Finding it hard to keep up with Brisbane’s never-ending succession of restaurant openings? You’re not alone. Here’s a quick primer on the new venues worth your cash and time this month.

Restaurant Dan Arnold
Dan Arnold has returned from an extended stint in France – where he cooked under renowned chef Marc Meneau at then three-Michelin-starred L’Espérance, and did a six-year stint at two-Michelin-starred Serge Vieira – to open his own restaurant, Restaurant Dan Arnold, in the Valley. Arnold has brought with him from Serge Vieira the idea of short set menus – he’s offering a three- and a five-course option. Both change frequently (returning diners will not eat the same dish twice, Arnold says) but so far dishes have included flank steak with roasted celeriac, horseradish sauce and potato “Lorette”. Or charcoal duck breast with braised leg, pumpkin and baby leek. Combined with a concise bar offering, wine-matching and a slick interior, it’s a compelling new contender on Brisbane’s busy French scene.

The Golden Pig
Katrina and Mark Ryan have converted The Golden Pig, their immensely popular Newstead cafe and cooking school, into a pan-Asian restaurant. The Ryans looked at a few different venues for the refreshed concept but ultimately decided to stay put in Newstead, running the restaurant at nights and retaining the cooking school on Sundays and Mondays. The venue’s fit-out remains much the same, although a bar now sits at the entrance looking out over a casual space of vintage couches and coffee tables. The new menu was put together by Katrina and is being overseen in the kitchen by Sarah Hockings. You might eat betel leaf with tea-smoked Ora King salmon, fresh coconut, tamarind and grape. Or Sichuan-spiced half duck with mandarin, miso, black vinegar and star anise. The wine list leans toward French varieties as well as lighter drops that pair with Asian foods. It’s backed by an Asian-inspired cocktail list and an array of craft beers.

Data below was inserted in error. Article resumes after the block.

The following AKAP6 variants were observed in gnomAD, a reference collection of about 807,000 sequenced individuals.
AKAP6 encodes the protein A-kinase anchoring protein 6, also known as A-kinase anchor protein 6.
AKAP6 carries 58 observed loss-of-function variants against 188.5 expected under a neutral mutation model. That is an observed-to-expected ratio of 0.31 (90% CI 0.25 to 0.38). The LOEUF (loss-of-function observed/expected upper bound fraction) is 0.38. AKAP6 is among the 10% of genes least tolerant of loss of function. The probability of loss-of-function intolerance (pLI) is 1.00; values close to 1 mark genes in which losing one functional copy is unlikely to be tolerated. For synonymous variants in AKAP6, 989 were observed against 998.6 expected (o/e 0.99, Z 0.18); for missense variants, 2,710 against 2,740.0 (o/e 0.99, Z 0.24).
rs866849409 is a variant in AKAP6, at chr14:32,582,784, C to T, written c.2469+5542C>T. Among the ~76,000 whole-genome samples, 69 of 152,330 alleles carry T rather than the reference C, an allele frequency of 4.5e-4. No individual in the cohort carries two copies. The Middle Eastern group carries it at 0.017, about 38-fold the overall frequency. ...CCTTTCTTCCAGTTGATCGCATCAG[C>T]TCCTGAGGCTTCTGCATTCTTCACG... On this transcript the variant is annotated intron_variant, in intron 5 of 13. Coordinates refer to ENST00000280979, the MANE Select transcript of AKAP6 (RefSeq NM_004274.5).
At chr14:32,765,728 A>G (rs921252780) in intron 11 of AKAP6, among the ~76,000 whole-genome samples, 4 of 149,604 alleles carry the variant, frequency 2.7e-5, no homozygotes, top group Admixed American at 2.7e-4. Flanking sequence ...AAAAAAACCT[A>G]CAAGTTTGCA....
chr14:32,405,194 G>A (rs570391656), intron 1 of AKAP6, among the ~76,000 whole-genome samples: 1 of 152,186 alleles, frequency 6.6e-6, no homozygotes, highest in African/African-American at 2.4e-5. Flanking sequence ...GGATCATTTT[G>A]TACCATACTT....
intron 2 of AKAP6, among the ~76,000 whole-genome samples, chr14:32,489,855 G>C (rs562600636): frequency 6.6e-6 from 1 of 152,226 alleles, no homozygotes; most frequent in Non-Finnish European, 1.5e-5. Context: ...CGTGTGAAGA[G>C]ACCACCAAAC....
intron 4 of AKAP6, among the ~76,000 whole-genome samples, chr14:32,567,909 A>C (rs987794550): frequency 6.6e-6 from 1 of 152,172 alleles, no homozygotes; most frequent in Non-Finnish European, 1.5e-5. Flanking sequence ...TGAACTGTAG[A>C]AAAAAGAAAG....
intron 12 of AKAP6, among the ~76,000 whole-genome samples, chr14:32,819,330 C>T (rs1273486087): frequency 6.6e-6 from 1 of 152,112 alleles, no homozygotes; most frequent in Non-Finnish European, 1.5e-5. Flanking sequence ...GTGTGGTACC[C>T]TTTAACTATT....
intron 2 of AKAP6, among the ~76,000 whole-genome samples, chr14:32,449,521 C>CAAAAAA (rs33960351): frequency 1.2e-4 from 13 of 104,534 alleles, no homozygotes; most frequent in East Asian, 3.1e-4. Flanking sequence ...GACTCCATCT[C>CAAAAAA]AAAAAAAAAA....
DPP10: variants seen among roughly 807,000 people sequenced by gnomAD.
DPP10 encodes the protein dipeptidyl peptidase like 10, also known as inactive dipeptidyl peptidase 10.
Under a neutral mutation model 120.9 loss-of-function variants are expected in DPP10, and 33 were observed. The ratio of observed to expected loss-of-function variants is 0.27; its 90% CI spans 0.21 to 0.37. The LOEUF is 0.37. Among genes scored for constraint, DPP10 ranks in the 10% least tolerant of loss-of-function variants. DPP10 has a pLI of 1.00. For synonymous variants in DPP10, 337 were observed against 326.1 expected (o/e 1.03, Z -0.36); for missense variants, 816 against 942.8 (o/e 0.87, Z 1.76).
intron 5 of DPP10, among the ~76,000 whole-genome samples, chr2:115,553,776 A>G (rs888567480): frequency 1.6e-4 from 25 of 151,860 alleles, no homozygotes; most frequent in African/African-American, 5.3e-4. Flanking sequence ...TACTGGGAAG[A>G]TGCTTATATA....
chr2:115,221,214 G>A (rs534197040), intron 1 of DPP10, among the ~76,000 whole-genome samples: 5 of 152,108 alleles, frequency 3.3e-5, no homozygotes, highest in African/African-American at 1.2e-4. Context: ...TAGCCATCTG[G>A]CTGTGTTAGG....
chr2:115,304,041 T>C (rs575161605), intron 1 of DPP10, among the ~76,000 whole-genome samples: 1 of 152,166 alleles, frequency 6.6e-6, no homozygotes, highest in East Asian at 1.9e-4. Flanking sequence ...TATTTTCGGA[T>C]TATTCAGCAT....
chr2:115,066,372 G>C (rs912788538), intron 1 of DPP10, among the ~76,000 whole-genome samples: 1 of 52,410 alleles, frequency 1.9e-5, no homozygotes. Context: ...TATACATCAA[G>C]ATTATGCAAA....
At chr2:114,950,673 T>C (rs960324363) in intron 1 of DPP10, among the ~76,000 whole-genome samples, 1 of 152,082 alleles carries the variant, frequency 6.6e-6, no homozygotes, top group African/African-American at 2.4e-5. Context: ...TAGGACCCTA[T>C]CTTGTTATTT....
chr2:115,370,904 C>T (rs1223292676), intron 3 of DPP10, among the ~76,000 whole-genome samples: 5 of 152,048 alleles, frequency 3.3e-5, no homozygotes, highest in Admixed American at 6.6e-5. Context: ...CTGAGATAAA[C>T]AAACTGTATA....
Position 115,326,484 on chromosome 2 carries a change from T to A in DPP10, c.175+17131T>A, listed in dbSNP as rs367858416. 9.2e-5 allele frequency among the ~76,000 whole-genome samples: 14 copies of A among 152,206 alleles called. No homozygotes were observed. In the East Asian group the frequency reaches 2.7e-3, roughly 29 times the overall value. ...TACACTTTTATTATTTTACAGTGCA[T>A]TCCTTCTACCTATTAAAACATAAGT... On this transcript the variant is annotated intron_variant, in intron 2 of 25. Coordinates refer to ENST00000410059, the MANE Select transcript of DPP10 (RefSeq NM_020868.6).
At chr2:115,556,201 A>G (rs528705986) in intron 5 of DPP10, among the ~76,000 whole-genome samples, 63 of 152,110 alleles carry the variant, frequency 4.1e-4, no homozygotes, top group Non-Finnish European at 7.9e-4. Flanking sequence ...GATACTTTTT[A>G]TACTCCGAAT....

King Crab Co
They keep it simple at Bulimba’s new King Crab Co. First, you pick a crab; there’s Alaskan king crab, Alaskan snow crab, Australian blue swimmer crab and Jonah crab. Then you add a sauce: classics such as Singapore chilli, Old Bay butter and Zatarain’s Cajun, or maybe a Japanese-inspired miso butter and lime. The crab and sauce are mixed in a bag and served to you with a bib, a mallet and a pair of gloves. Head chef Michael Conlon (ex-Blackbird, The Survey Co) also serves a number of non-crab options, such as ribs, burgers and rolls – plus there’s a chippery that offers seven different types of chips. Drinks cater to the seafood-heavy menu; there are plenty of spritzes and cocktails, a concise wine list, and a number of beers on tap. The restaurant itself on Oxford Street hasn’t changed too much from its previous incarnation as a surf-and-turf-inspired eatery called Seavine. The space is decked out in lots of timber and brick, with a splash of blue paint.

After many delays Hôntô finally opened last month on a gritty Valley backstreet. Co-owners Tyron Simon, Frank Li, Bianca Marchi and chef Nathan Lastevec are best known for their work at freewheeling Thai restaurant, Longtime. Hôntô is a different beast, smaller in capacity and slightly more refined. Simon handled the fit-out himself, leaning heavily on shou sugi ban – a traditional wood-burning technique that leaves most of the walls and hard surfaces charred black. The result is a darker-than-dark space; the barest of light is cast by hanging chandeliers. The Japanese-inspired menu is split into four sections: Raw, Bites, Bigs and Greens. Raw dishes include scampi ceviche with ginger, crushed macadamia and finger lime. From Bites you might try prawn doughnuts with yuzu curd. Bigs are designed to share and include whole snapper karaage with sweet and sour cucumber and papaya pickles. And there’s a slow-cooked lamb shoulder with sesame yoghurt and Japanese flatbread. The wine list includes more than 130 bottles, and there’s a lengthy list of sake and Japanese beer and whisky.